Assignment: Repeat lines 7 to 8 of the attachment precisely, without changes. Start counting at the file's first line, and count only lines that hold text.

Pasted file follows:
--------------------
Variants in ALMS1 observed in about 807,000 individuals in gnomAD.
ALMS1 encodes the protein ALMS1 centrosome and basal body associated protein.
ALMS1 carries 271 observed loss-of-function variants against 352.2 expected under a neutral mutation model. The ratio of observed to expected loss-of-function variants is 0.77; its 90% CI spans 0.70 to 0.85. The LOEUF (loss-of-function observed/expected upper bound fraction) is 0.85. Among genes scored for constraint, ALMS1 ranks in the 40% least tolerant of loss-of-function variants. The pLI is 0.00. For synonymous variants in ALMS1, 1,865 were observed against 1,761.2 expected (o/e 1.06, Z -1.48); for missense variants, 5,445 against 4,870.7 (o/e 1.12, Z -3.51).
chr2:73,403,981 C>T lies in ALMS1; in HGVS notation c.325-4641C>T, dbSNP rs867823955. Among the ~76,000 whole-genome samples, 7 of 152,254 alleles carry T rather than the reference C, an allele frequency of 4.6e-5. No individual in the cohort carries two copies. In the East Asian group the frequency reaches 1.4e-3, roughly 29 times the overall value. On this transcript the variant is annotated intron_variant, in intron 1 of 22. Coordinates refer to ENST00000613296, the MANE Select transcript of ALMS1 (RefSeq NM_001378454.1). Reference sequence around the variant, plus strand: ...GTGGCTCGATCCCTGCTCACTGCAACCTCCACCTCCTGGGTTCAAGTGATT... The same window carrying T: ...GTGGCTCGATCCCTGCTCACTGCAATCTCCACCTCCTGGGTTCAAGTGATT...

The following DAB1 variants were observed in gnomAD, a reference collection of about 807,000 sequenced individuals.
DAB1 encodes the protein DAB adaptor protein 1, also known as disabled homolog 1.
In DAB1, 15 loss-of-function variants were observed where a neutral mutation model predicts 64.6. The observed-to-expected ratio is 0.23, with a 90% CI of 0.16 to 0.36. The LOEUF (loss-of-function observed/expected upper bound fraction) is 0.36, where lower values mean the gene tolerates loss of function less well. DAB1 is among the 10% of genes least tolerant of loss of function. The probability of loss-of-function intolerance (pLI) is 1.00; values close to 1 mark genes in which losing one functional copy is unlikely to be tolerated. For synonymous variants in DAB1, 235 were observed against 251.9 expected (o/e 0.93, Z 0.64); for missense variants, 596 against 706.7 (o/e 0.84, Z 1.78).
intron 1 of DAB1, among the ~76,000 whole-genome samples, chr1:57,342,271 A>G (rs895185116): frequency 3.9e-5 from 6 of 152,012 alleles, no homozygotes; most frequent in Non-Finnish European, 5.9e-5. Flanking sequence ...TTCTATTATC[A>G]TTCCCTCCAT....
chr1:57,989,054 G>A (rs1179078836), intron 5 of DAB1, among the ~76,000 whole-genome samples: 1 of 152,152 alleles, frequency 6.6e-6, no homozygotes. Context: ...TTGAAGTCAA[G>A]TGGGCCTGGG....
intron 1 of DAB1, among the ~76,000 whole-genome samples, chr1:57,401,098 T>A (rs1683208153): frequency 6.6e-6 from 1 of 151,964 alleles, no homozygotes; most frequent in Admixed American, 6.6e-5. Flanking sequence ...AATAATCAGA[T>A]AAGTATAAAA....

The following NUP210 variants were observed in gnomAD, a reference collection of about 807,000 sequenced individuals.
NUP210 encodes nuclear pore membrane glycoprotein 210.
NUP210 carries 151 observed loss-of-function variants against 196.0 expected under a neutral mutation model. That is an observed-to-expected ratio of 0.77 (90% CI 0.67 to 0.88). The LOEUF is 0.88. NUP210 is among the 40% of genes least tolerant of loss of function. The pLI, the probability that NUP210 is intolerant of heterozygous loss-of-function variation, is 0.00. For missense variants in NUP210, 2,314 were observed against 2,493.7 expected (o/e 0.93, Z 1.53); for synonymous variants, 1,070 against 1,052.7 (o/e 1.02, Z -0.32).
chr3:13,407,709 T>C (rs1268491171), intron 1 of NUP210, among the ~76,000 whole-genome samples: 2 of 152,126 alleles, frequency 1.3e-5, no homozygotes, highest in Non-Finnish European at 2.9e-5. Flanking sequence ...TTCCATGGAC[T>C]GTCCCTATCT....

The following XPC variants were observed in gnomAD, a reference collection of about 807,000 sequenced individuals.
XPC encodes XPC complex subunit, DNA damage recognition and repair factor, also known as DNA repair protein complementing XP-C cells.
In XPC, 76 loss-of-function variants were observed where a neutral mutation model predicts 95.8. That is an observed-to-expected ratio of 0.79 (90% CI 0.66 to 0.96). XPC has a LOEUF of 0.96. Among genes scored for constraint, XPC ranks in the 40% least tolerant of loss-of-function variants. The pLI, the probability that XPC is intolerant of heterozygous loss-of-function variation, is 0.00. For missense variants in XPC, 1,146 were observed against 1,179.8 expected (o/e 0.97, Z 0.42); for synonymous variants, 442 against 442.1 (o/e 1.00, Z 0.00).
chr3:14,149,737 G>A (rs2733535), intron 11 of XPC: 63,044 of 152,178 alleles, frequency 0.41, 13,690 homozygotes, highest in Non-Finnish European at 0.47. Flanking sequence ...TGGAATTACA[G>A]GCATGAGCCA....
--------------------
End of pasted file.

In DAB1, 15 loss-of-function variants were observed where a neutral mutation model predicts 64.6. The observed-to-expected ratio is 0.23, with a 90% CI of 0.16 to 0.36. The LOEUF (loss-of-function observed/expected upper bound fraction) is 0.36, where lower values mean the gene tolerates loss of function less well. DAB1 is among the 10% of genes least tolerant of loss of function. The probability of loss-of-function intolerance (pLI) is 1.00; values close to 1 mark genes in which losing one functional copy is unlikely to be tolerated. For synonymous variants in DAB1, 235 were observed against 251.9 expected (o/e 0.93, Z 0.64); for missense variants, 596 against 706.7 (o/e 0.84, Z 1.78).
intron 1 of DAB1, among the ~76,000 whole-genome samples, chr1:57,342,271 A>G (rs895185116): frequency 3.9e-5 from 6 of 152,012 alleles, no homozygotes; most frequent in Non-Finnish European, 5.9e-5. Flanking sequence ...TTCTATTATC[A>G]TTCCCTCCAT....